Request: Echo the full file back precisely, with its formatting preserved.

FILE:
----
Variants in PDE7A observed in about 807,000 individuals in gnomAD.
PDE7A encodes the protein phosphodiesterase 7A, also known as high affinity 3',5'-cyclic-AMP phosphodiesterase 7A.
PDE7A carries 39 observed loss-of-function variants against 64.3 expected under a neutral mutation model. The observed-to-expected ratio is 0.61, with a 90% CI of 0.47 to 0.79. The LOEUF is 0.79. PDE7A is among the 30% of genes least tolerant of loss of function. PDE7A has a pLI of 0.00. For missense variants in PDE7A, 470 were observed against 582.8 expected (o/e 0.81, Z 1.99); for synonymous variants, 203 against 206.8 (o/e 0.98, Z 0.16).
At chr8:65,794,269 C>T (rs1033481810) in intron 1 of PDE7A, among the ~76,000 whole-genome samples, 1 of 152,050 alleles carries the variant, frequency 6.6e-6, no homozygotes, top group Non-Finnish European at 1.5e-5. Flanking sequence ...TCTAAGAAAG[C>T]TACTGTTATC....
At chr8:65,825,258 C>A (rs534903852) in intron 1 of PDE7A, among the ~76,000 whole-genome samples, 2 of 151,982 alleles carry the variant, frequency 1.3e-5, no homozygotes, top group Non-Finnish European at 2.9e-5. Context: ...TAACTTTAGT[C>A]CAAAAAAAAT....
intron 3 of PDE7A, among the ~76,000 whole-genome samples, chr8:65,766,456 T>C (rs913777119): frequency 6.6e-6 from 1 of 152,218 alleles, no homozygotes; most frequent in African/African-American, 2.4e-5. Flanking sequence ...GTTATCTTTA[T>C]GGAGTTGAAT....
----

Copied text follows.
Variants in PDE7A observed in about 807,000 individuals in gnomAD.
PDE7A encodes the protein phosphodiesterase 7A, also known as high affinity 3',5'-cyclic-AMP phosphodiesterase 7A.
PDE7A carries 39 observed loss-of-function variants against 64.3 expected under a neutral mutation model. The observed-to-expected ratio is 0.61, with a 90% CI of 0.47 to 0.79. The LOEUF is 0.79. PDE7A is among the 30% of genes least tolerant of loss of function. PDE7A has a pLI of 0.00. For missense variants in PDE7A, 470 were observed against 582.8 expected (o/e 0.81, Z 1.99); for synonymous variants, 203 against 206.8 (o/e 0.98, Z 0.16).
At chr8:65,794,269 C>T (rs1033481810) in intron 1 of PDE7A, among the ~76,000 whole-genome samples, 1 of 152,050 alleles carries the variant, frequency 6.6e-6, no homozygotes, top group Non-Finnish European at 1.5e-5. Flanking sequence ...TCTAAGAAAG[C>T]TACTGTTATC....
At chr8:65,825,258 C>A (rs534903852) in intron 1 of PDE7A, among the ~76,000 whole-genome samples, 2 of 151,982 alleles carry the variant, frequency 1.3e-5, no homozygotes, top group Non-Finnish European at 2.9e-5. Context: ...TAACTTTAGT[C>A]CAAAAAAAAT....
intron 3 of PDE7A, among the ~76,000 whole-genome samples, chr8:65,766,456 T>C (rs913777119): frequency 6.6e-6 from 1 of 152,218 alleles, no homozygotes; most frequent in African/African-American, 2.4e-5. Flanking sequence ...GTTATCTTTA[T>C]GGAGTTGAAT....